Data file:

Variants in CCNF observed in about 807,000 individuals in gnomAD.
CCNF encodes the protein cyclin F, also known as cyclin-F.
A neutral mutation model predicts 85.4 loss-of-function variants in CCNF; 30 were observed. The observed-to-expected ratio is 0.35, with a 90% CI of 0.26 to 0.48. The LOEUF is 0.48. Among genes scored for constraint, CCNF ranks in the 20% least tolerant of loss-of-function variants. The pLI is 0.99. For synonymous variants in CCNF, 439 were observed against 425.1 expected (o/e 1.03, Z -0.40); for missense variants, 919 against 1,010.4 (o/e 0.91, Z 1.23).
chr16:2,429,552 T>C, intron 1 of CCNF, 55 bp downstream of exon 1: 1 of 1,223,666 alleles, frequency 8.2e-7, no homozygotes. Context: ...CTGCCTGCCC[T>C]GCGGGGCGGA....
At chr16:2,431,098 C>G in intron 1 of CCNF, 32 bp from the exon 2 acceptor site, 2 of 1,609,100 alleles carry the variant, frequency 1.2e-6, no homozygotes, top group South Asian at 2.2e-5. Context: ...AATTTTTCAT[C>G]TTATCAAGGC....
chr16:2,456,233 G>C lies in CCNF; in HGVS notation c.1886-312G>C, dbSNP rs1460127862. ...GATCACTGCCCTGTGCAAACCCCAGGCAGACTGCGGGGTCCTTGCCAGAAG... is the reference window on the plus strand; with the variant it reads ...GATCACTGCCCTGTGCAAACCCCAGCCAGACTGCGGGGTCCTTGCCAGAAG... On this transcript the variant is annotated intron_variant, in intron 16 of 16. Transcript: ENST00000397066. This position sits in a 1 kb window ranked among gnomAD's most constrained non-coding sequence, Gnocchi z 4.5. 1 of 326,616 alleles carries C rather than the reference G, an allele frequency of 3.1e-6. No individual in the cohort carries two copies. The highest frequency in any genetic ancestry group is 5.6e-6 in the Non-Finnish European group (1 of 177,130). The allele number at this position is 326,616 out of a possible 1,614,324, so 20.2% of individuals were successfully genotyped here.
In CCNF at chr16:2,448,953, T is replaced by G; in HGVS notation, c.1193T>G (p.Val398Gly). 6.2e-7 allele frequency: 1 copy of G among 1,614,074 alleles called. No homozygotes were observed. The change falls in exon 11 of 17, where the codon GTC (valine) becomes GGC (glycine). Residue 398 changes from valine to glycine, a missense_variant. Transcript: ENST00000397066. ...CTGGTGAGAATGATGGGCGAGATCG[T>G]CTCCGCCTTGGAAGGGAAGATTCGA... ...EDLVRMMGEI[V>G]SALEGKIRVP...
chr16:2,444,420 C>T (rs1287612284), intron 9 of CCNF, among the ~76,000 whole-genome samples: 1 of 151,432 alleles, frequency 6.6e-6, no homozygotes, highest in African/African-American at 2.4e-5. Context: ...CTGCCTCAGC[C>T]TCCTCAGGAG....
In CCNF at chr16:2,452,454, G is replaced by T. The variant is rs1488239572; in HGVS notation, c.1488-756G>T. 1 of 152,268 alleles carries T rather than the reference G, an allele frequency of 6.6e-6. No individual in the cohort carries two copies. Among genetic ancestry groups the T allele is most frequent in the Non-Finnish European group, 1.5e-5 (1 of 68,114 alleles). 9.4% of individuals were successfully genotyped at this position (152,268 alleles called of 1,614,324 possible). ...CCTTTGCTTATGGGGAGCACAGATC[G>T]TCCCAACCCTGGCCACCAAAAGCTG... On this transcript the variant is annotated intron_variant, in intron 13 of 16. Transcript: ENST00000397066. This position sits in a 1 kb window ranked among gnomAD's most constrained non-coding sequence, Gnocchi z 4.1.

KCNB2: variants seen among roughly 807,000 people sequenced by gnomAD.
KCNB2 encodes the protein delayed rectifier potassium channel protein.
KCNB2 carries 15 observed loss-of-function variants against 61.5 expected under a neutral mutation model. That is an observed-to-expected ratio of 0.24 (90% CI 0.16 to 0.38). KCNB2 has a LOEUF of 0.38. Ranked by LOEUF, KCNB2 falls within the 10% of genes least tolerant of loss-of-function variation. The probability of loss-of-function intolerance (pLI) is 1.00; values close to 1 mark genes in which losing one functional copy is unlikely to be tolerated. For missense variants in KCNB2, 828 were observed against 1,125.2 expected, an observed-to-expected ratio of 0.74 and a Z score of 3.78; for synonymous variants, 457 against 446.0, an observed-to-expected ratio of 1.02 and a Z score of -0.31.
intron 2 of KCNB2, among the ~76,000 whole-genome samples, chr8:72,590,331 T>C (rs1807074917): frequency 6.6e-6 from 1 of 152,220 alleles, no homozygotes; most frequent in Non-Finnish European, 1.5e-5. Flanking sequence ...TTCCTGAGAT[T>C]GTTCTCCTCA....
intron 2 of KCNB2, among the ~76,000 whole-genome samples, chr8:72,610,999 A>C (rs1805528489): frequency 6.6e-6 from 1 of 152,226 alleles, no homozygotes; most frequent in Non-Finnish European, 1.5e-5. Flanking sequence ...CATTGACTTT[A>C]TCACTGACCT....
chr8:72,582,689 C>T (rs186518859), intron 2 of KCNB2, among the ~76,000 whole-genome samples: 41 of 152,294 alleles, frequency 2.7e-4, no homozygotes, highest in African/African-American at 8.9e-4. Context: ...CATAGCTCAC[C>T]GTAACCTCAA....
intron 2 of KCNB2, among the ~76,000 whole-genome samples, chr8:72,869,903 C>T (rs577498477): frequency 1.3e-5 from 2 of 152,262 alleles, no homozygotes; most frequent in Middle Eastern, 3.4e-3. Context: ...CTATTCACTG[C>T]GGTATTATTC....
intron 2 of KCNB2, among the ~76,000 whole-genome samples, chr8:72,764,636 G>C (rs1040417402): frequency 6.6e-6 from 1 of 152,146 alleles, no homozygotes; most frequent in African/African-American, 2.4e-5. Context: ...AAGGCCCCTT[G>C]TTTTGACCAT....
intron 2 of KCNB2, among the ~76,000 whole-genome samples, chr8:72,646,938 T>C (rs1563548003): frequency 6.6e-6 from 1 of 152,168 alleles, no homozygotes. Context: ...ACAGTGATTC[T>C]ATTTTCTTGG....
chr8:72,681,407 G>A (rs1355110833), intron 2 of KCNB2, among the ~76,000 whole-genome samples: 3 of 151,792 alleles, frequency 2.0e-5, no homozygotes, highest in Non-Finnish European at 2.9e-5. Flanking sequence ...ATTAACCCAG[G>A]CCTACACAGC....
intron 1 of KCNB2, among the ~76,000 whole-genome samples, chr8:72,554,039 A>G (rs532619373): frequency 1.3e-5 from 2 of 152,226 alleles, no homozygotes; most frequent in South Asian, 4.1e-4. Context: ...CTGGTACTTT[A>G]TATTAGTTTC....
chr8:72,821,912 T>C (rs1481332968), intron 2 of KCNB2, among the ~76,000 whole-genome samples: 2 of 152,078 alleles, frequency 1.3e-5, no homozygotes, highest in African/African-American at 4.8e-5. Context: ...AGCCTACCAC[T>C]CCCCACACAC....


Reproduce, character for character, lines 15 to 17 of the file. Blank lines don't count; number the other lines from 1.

chr8:72,582,689 C>T (rs186518859), intron 2 of KCNB2, among the ~76,000 whole-genome samples: 41 of 152,294 alleles, frequency 2.7e-4, no homozygotes, highest in African/African-American at 8.9e-4. Context: ...CATAGCTCAC[C>T]GTAACCTCAA....
intron 2 of KCNB2, among the ~76,000 whole-genome samples, chr8:72,869,903 C>T (rs577498477): frequency 1.3e-5 from 2 of 152,262 alleles, no homozygotes; most frequent in Middle Eastern, 3.4e-3. Context: ...CTATTCACTG[C>T]GGTATTATTC....
intron 2 of KCNB2, among the ~76,000 whole-genome samples, chr8:72,764,636 G>C (rs1040417402): frequency 6.6e-6 from 1 of 152,146 alleles, no homozygotes; most frequent in African/African-American, 2.4e-5. Context: ...AAGGCCCCTT[G>C]TTTTGACCAT....